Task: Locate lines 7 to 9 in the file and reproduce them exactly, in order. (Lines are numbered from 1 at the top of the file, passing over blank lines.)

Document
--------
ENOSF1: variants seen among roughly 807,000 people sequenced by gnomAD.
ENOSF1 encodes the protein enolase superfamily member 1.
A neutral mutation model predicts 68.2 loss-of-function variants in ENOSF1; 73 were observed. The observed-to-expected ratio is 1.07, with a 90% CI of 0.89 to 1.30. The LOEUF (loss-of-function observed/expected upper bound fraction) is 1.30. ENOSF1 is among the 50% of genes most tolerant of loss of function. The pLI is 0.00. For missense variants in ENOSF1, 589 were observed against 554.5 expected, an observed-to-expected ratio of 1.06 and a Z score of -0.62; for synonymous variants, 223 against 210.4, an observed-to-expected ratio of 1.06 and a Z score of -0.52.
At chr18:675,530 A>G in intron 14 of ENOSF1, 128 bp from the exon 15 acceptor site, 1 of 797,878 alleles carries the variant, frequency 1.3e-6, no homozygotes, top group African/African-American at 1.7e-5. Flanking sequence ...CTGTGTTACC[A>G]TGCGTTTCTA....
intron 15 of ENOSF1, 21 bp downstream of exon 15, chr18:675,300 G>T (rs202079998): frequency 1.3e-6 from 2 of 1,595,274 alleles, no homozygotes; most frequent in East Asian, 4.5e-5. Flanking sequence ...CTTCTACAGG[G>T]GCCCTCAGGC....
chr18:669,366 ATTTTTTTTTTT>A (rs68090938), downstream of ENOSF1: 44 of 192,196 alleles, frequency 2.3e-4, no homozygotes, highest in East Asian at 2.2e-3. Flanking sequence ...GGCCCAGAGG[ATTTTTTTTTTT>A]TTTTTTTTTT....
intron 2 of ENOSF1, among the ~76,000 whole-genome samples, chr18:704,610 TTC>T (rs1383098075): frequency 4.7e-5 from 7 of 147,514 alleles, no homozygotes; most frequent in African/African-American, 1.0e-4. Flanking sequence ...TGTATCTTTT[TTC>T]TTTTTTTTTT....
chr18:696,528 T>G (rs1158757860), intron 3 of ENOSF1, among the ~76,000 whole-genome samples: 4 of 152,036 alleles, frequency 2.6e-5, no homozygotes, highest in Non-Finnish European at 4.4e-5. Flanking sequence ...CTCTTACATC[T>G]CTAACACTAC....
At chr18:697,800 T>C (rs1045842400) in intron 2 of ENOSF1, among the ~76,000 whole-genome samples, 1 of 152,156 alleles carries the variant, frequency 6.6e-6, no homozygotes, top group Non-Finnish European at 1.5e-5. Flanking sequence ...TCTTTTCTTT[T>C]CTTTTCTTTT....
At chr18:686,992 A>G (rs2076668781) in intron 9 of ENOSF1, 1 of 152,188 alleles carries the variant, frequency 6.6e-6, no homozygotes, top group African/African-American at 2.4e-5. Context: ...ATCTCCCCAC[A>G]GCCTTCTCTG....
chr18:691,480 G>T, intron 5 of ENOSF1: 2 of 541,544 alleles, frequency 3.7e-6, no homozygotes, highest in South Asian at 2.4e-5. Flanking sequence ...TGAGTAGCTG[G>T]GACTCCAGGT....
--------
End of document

intron 2 of ENOSF1, among the ~76,000 whole-genome samples, chr18:704,610 TTC>T (rs1383098075): frequency 4.7e-5 from 7 of 147,514 alleles, no homozygotes; most frequent in African/African-American, 1.0e-4. Flanking sequence ...TGTATCTTTT[TTC>T]TTTTTTTTTT....
chr18:696,528 T>G (rs1158757860), intron 3 of ENOSF1, among the ~76,000 whole-genome samples: 4 of 152,036 alleles, frequency 2.6e-5, no homozygotes, highest in Non-Finnish European at 4.4e-5. Flanking sequence ...CTCTTACATC[T>G]CTAACACTAC....
At chr18:697,800 T>C (rs1045842400) in intron 2 of ENOSF1, among the ~76,000 whole-genome samples, 1 of 152,156 alleles carries the variant, frequency 6.6e-6, no homozygotes, top group Non-Finnish European at 1.5e-5. Flanking sequence ...TCTTTTCTTT[T>C]CTTTTCTTTT....